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The ultimate guide to reclaim your privacy online.

The web is full of cookies, trackers and privacy violations. Here we explain how you can quickly reclaim your privacy.

2021-03-02
Privacy is hard to get in today's internet. That's because lots of free websites and online services depend on tracking you and selling your data to advertisers. Nonetheless, it is not impossible to protect your privacy. All you have to do is make a few smart steps. This privacy guide helps you to quickly reclaim your privacy online.

Privacy guide

Since the publication of the GDPR in May 2018, people living in the European Union have much more power over their data when it is hold by companies. While the GDRP was very good news for privacy advocates, it might still be hard for the individual to use the legally granted power to reclaim their privacy. That's why privacy activists have set up websites that help you reclaim your data and your privacy.

The good news is: The methods of taking back your data are oftentimes not limited to citizens of Europe, but may be used by all people around the world - no matter where you live. And taking back your privacy can be achieved faster than you would expect.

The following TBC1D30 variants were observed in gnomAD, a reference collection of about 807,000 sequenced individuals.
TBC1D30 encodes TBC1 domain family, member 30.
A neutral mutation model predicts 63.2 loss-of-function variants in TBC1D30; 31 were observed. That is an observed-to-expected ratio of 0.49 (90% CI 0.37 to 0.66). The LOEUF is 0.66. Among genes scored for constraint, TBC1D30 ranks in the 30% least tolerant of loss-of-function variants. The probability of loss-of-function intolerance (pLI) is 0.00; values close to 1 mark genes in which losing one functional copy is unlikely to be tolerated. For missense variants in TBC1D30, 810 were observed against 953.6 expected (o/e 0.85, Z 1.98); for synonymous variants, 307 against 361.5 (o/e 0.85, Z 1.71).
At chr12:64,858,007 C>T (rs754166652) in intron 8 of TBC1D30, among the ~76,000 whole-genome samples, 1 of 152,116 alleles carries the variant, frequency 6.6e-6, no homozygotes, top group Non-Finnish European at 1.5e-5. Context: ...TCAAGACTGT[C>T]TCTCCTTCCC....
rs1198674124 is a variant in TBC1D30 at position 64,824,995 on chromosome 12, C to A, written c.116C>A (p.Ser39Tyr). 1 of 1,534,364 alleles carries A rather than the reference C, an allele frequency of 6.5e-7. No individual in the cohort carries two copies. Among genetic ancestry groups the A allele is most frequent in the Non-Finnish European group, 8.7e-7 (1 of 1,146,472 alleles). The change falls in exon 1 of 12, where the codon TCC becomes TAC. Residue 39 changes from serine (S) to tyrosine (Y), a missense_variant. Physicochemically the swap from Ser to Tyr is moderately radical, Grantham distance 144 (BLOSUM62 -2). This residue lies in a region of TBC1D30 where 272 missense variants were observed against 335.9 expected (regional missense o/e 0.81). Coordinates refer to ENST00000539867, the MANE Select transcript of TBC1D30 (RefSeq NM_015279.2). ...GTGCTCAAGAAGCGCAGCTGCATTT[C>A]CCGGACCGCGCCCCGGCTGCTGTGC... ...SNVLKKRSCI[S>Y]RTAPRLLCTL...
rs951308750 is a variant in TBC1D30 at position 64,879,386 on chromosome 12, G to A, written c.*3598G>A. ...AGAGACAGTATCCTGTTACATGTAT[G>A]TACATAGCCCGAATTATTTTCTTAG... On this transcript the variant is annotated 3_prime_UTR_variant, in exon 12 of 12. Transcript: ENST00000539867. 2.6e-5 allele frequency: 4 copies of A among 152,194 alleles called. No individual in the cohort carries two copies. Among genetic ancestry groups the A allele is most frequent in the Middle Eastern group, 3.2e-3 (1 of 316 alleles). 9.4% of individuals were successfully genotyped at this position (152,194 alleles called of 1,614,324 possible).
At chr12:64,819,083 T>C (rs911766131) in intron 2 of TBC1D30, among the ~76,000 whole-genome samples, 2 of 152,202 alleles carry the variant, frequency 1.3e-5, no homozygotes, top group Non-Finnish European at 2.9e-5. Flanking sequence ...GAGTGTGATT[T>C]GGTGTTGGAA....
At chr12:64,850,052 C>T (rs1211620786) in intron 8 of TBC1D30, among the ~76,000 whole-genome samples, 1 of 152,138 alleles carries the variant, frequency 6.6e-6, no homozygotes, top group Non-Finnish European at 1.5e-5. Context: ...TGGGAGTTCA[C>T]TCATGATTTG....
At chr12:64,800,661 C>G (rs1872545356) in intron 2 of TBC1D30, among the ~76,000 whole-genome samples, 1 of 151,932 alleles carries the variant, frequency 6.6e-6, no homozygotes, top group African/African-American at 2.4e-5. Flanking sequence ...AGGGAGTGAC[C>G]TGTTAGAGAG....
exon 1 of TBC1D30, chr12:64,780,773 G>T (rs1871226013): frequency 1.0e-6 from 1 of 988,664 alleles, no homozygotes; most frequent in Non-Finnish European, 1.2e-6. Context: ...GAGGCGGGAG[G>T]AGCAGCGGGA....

How to take back your privacy

Here we explain how you can take back your privacy with four easy steps:

  1. Evaluate what services hold data about you.
  2. Check with the help of this privacy guide how to get hold of this data.
  3. Decide whether you want this data to be deleted.
  4. Have the data deleted with the help of this privacy guide.

Once you have decided what companies you would like to request your data from, check out these four websites to see which one best covers your needs.

JustGetMyData and JustDeleteMe

Two great open source projects launched by Spanish students helps you to easily check how to take back your data from big tech companies such as Google, Twitter, Facebook and more. These sites have a comprehensive summary about dozens of web companies and let you sort the companies, for example, by popularity. You can also search the database for the companies that you have already pinned down are your most important targets.

JustGetMyData provides an overview on how to get a copy of your data from dozens of online services. It also provides links directing you to the help pages of the services in question. The overview also shows you if it is easy, medium or hard to get hold of your data.

Screenshot of JustDeleteMyData

JustDeleteMe is very similar to JustGetMyData. The site helps you to find the appropriate help pages of services in question to make these services delete all data that they hold about you. Again, the overview shows you if this is easy, medium, hard or impossible.

However, based on the GDPR it must be possible to ask for the deletion of your private data if you chose to no longer use said service. The following websites may help you in these tougher cases.

MyDataDoneRight and DataRequests

Screenshot of MyDataDoneRight